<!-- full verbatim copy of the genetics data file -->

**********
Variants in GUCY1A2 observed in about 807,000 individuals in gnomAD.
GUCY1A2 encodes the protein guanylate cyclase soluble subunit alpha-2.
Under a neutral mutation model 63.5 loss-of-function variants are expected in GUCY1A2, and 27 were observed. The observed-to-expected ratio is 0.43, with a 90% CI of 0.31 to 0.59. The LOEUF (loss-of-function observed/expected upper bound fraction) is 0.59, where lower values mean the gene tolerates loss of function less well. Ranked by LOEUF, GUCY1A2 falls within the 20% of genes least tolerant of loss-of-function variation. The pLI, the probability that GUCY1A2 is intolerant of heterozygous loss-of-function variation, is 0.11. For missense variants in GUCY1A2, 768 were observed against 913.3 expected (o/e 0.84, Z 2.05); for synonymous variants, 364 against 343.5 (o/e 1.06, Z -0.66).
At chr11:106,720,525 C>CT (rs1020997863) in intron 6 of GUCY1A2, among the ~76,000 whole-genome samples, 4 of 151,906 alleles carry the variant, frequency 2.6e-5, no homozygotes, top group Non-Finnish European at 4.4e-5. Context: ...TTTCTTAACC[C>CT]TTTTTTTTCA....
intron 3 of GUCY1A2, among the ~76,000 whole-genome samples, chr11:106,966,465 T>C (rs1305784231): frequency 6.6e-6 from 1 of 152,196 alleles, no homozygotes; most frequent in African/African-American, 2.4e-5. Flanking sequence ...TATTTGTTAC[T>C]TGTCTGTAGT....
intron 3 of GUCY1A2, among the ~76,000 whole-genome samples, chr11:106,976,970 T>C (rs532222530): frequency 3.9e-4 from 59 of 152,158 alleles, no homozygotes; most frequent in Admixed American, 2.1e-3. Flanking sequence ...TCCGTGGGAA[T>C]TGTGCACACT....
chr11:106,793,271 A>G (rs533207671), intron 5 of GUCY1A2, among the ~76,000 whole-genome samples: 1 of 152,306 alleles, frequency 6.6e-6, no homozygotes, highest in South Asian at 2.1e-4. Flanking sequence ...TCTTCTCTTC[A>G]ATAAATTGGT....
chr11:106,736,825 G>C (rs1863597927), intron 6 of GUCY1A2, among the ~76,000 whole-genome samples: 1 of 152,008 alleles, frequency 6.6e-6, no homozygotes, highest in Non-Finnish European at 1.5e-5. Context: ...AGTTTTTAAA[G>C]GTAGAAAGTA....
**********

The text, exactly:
Variants in GUCY1A2 observed in about 807,000 individuals in gnomAD.
GUCY1A2 encodes the protein guanylate cyclase soluble subunit alpha-2.
Under a neutral mutation model 63.5 loss-of-function variants are expected in GUCY1A2, and 27 were observed. The observed-to-expected ratio is 0.43, with a 90% CI of 0.31 to 0.59. The LOEUF (loss-of-function observed/expected upper bound fraction) is 0.59, where lower values mean the gene tolerates loss of function less well. Ranked by LOEUF, GUCY1A2 falls within the 20% of genes least tolerant of loss-of-function variation. The pLI, the probability that GUCY1A2 is intolerant of heterozygous loss-of-function variation, is 0.11. For missense variants in GUCY1A2, 768 were observed against 913.3 expected (o/e 0.84, Z 2.05); for synonymous variants, 364 against 343.5 (o/e 1.06, Z -0.66).
At chr11:106,720,525 C>CT (rs1020997863) in intron 6 of GUCY1A2, among the ~76,000 whole-genome samples, 4 of 151,906 alleles carry the variant, frequency 2.6e-5, no homozygotes, top group Non-Finnish European at 4.4e-5. Context: ...TTTCTTAACC[C>CT]TTTTTTTTCA....
intron 3 of GUCY1A2, among the ~76,000 whole-genome samples, chr11:106,966,465 T>C (rs1305784231): frequency 6.6e-6 from 1 of 152,196 alleles, no homozygotes; most frequent in African/African-American, 2.4e-5. Flanking sequence ...TATTTGTTAC[T>C]TGTCTGTAGT....
intron 3 of GUCY1A2, among the ~76,000 whole-genome samples, chr11:106,976,970 T>C (rs532222530): frequency 3.9e-4 from 59 of 152,158 alleles, no homozygotes; most frequent in Admixed American, 2.1e-3. Flanking sequence ...TCCGTGGGAA[T>C]TGTGCACACT....
chr11:106,793,271 A>G (rs533207671), intron 5 of GUCY1A2, among the ~76,000 whole-genome samples: 1 of 152,306 alleles, frequency 6.6e-6, no homozygotes, highest in South Asian at 2.1e-4. Flanking sequence ...TCTTCTCTTC[A>G]ATAAATTGGT....
chr11:106,736,825 G>C (rs1863597927), intron 6 of GUCY1A2, among the ~76,000 whole-genome samples: 1 of 152,008 alleles, frequency 6.6e-6, no homozygotes, highest in Non-Finnish European at 1.5e-5. Context: ...AGTTTTTAAA[G>C]GTAGAAAGTA....